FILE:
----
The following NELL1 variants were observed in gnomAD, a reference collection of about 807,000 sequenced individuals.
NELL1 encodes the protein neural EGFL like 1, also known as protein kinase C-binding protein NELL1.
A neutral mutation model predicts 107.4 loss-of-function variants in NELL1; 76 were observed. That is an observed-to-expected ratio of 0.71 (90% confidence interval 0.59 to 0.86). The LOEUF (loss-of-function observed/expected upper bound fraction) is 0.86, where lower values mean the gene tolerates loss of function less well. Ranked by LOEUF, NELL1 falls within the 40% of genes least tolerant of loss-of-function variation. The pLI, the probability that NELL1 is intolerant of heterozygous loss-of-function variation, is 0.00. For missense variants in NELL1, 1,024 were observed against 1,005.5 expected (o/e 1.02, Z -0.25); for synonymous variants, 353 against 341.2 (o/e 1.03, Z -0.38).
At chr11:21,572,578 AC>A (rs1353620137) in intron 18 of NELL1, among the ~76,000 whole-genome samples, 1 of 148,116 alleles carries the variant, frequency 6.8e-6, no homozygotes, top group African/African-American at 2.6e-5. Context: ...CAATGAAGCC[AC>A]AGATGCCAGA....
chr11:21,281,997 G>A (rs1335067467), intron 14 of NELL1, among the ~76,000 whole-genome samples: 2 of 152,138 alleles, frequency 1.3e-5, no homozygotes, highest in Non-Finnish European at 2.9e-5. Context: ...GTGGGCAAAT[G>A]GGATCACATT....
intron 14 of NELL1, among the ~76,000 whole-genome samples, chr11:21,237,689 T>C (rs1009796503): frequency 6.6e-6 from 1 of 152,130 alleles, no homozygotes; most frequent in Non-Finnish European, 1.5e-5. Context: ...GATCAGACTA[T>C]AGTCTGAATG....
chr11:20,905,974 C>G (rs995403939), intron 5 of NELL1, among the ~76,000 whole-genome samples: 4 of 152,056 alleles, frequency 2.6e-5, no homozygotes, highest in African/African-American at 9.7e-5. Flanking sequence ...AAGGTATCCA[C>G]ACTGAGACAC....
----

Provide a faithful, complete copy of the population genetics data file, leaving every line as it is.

The following NELL1 variants were observed in gnomAD, a reference collection of about 807,000 sequenced individuals.
NELL1 encodes the protein neural EGFL like 1, also known as protein kinase C-binding protein NELL1.
A neutral mutation model predicts 107.4 loss-of-function variants in NELL1; 76 were observed. That is an observed-to-expected ratio of 0.71 (90% confidence interval 0.59 to 0.86). The LOEUF (loss-of-function observed/expected upper bound fraction) is 0.86, where lower values mean the gene tolerates loss of function less well. Ranked by LOEUF, NELL1 falls within the 40% of genes least tolerant of loss-of-function variation. The pLI, the probability that NELL1 is intolerant of heterozygous loss-of-function variation, is 0.00. For missense variants in NELL1, 1,024 were observed against 1,005.5 expected (o/e 1.02, Z -0.25); for synonymous variants, 353 against 341.2 (o/e 1.03, Z -0.38).
At chr11:21,572,578 AC>A (rs1353620137) in intron 18 of NELL1, among the ~76,000 whole-genome samples, 1 of 148,116 alleles carries the variant, frequency 6.8e-6, no homozygotes, top group African/African-American at 2.6e-5. Context: ...CAATGAAGCC[AC>A]AGATGCCAGA....
chr11:21,281,997 G>A (rs1335067467), intron 14 of NELL1, among the ~76,000 whole-genome samples: 2 of 152,138 alleles, frequency 1.3e-5, no homozygotes, highest in Non-Finnish European at 2.9e-5. Context: ...GTGGGCAAAT[G>A]GGATCACATT....
intron 14 of NELL1, among the ~76,000 whole-genome samples, chr11:21,237,689 T>C (rs1009796503): frequency 6.6e-6 from 1 of 152,130 alleles, no homozygotes; most frequent in Non-Finnish European, 1.5e-5. Context: ...GATCAGACTA[T>C]AGTCTGAATG....
chr11:20,905,974 C>G (rs995403939), intron 5 of NELL1, among the ~76,000 whole-genome samples: 4 of 152,056 alleles, frequency 2.6e-5, no homozygotes, highest in African/African-American at 9.7e-5. Flanking sequence ...AAGGTATCCA[C>G]ACTGAGACAC....